The Texas Climate & Carbon Exchange, which allows companies to voluntarily offset emissions by buying credits, opened Thursday in Austin through a partnership with Australia-based Carbon Trade Exchange.
TCCX opened with one client, the city of Beppu, Japan, Dallas Morning News reported. The exchange doesn’t yet have any customers who want to sell carbon credits, DMN reported.
Carbon Trade Exchange, which has more than 145 members in 22 countries, will provide the electronic trading platform technology and infrastructure to TCCX. The Texas exchange will offer a lower membership fee than exchanges in countries that regulate greenhouse gases.
Texas emits more greenhouse gases than any other state, according to EPA data. The exchange will provide brokerage services for Texas companies and allow these business to offset their emissions and become carbon-neutral, CTX said.
The Texas exchange will promote the origination as well as the selling and purchasing of carbon credits on the CTX global exchange platform. The carbon credits being traded will originate from projects in Texas as well as the rest of the United States and the world.
Carbon credit exchanges and emissions derivatives schemes have opened with mixed success in other regions of the United States.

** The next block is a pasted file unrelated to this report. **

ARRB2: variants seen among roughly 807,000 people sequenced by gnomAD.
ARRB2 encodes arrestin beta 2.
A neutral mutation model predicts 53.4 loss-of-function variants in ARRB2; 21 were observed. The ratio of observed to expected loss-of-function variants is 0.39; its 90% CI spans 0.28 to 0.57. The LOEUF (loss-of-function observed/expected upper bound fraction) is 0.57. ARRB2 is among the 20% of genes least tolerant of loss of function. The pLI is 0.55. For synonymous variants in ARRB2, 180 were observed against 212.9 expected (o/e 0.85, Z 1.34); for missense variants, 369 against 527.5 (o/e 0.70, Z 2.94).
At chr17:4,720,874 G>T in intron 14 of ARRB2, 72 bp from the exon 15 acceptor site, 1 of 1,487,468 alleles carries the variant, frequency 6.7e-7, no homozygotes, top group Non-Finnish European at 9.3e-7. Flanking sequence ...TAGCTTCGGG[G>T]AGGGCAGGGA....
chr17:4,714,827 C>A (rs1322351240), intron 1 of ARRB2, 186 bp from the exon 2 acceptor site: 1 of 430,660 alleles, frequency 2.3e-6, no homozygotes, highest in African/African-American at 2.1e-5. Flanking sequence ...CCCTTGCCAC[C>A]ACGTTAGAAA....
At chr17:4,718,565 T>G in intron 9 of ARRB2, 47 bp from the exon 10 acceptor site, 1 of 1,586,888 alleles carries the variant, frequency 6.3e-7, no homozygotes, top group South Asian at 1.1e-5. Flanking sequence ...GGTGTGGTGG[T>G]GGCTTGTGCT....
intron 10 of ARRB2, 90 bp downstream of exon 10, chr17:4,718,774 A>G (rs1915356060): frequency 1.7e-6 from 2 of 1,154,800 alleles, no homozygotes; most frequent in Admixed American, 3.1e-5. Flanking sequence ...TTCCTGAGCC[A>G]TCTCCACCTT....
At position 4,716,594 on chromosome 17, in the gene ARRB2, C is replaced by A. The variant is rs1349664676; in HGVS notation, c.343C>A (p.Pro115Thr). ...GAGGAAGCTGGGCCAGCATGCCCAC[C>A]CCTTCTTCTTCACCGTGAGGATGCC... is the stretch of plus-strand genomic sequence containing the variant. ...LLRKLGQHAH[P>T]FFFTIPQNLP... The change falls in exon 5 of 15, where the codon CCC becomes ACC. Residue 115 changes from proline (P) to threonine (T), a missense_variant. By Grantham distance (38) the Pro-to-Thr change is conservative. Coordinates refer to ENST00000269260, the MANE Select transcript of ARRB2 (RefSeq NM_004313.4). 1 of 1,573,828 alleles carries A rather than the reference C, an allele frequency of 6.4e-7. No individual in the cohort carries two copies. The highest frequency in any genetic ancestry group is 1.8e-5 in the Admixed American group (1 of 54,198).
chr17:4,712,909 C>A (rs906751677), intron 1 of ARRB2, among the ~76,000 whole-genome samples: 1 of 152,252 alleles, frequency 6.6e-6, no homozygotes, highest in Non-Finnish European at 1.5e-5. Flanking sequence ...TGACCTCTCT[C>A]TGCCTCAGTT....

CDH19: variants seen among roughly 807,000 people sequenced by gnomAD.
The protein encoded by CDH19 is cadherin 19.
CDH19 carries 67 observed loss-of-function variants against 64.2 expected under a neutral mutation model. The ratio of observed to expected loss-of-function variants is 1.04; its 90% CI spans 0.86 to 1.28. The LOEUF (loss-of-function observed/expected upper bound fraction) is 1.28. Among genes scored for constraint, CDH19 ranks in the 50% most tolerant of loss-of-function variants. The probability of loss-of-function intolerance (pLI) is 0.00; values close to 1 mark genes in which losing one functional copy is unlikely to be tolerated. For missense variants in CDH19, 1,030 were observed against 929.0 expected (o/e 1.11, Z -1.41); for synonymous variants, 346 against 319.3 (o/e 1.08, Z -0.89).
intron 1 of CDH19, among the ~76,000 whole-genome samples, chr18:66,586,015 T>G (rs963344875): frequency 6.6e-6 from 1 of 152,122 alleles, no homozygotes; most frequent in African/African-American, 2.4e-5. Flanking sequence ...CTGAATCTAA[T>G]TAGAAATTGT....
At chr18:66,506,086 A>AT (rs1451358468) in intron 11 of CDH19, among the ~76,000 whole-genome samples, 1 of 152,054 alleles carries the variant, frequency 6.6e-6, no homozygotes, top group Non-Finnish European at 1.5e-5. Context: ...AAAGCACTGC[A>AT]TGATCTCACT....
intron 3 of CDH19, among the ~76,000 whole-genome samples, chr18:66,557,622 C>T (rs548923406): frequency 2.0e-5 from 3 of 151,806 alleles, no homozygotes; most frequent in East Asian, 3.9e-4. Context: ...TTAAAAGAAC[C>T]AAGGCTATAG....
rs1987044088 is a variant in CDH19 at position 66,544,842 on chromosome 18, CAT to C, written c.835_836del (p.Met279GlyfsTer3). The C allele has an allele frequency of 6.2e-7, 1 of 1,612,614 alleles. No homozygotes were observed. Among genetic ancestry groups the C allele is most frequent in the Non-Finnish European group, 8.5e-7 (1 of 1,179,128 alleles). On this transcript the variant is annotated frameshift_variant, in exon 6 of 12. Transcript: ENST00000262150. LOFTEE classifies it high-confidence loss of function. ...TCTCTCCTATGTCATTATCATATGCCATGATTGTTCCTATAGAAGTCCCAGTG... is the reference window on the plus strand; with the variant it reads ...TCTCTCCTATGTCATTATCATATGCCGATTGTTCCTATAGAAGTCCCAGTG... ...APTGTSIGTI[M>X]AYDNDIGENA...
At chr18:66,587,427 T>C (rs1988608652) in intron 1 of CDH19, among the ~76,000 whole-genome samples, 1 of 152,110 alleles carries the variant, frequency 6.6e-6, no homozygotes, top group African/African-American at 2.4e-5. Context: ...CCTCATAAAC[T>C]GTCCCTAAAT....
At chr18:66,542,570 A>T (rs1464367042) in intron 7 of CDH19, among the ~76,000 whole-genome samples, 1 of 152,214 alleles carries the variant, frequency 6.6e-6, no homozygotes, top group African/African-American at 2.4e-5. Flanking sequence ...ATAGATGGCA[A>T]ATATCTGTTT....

Financial markets firm Intercontinental Exchange Inc. announced in August 2011 that it would shut down its emissions derivatives trading platform Chicago Climate Futures Exchange. The Chicago exchange, which was losing money, closed due to lack of demand and uncertainty over whether the government would adopt a federal carbon reduction plan.
ICE has since launched 21 over-the-counter North American emissions contracts, which mirror products lost when the futures exchange closed. The products include derivative linked to emissions reductions plans in California, Massachusetts, New Jersey and Connecticut.
As the Chicago exchange floundered, GreenX and ICE launched futures contracts tied to the California carbon market. The California Carbon Allowance opened in August 2011, one month earlier than planned due to strong customer demand and increasing over-the-counter activity. California’s cap-and-trade system sets limits on carbon emissions starting this year, with enforcement starting in 2013.